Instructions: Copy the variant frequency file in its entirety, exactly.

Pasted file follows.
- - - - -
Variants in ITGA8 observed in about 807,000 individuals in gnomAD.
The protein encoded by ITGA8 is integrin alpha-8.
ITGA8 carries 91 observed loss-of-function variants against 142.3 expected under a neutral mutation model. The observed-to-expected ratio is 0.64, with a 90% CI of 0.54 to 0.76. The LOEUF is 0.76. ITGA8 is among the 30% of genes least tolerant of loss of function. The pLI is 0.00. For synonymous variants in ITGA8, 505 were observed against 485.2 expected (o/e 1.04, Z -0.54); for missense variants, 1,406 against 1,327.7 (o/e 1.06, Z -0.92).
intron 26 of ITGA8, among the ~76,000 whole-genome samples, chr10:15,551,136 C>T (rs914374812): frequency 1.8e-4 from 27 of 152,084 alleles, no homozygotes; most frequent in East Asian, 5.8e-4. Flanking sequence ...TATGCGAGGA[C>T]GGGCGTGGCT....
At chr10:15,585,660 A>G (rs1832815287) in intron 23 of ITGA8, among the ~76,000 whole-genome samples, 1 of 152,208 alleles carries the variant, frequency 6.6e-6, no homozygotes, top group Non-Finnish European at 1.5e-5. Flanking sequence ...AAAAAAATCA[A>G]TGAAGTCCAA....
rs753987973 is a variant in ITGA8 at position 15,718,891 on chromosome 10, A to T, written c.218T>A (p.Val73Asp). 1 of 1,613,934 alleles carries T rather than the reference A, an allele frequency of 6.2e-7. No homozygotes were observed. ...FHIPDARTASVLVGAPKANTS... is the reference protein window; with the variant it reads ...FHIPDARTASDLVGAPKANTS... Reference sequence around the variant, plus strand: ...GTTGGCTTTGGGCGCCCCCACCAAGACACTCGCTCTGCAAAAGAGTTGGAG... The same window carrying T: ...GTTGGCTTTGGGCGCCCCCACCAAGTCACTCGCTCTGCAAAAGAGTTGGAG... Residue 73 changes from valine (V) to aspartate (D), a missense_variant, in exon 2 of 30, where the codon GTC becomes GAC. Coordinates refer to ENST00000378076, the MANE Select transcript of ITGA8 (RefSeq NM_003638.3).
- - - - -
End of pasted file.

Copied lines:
Variants in ITGA8 observed in about 807,000 individuals in gnomAD.
The protein encoded by ITGA8 is integrin alpha-8.
ITGA8 carries 91 observed loss-of-function variants against 142.3 expected under a neutral mutation model. The observed-to-expected ratio is 0.64, with a 90% CI of 0.54 to 0.76. The LOEUF is 0.76. ITGA8 is among the 30% of genes least tolerant of loss of function. The pLI is 0.00. For synonymous variants in ITGA8, 505 were observed against 485.2 expected (o/e 1.04, Z -0.54); for missense variants, 1,406 against 1,327.7 (o/e 1.06, Z -0.92).
intron 26 of ITGA8, among the ~76,000 whole-genome samples, chr10:15,551,136 C>T (rs914374812): frequency 1.8e-4 from 27 of 152,084 alleles, no homozygotes; most frequent in East Asian, 5.8e-4. Flanking sequence ...TATGCGAGGA[C>T]GGGCGTGGCT....
At chr10:15,585,660 A>G (rs1832815287) in intron 23 of ITGA8, among the ~76,000 whole-genome samples, 1 of 152,208 alleles carries the variant, frequency 6.6e-6, no homozygotes, top group Non-Finnish European at 1.5e-5. Flanking sequence ...AAAAAAATCA[A>G]TGAAGTCCAA....
rs753987973 is a variant in ITGA8 at position 15,718,891 on chromosome 10, A to T, written c.218T>A (p.Val73Asp). 1 of 1,613,934 alleles carries T rather than the reference A, an allele frequency of 6.2e-7. No homozygotes were observed. ...FHIPDARTASVLVGAPKANTS... is the reference protein window; with the variant it reads ...FHIPDARTASDLVGAPKANTS... Reference sequence around the variant, plus strand: ...GTTGGCTTTGGGCGCCCCCACCAAGACACTCGCTCTGCAAAAGAGTTGGAG... The same window carrying T: ...GTTGGCTTTGGGCGCCCCCACCAAGTCACTCGCTCTGCAAAAGAGTTGGAG... Residue 73 changes from valine (V) to aspartate (D), a missense_variant, in exon 2 of 30, where the codon GTC becomes GAC. Coordinates refer to ENST00000378076, the MANE Select transcript of ITGA8 (RefSeq NM_003638.3).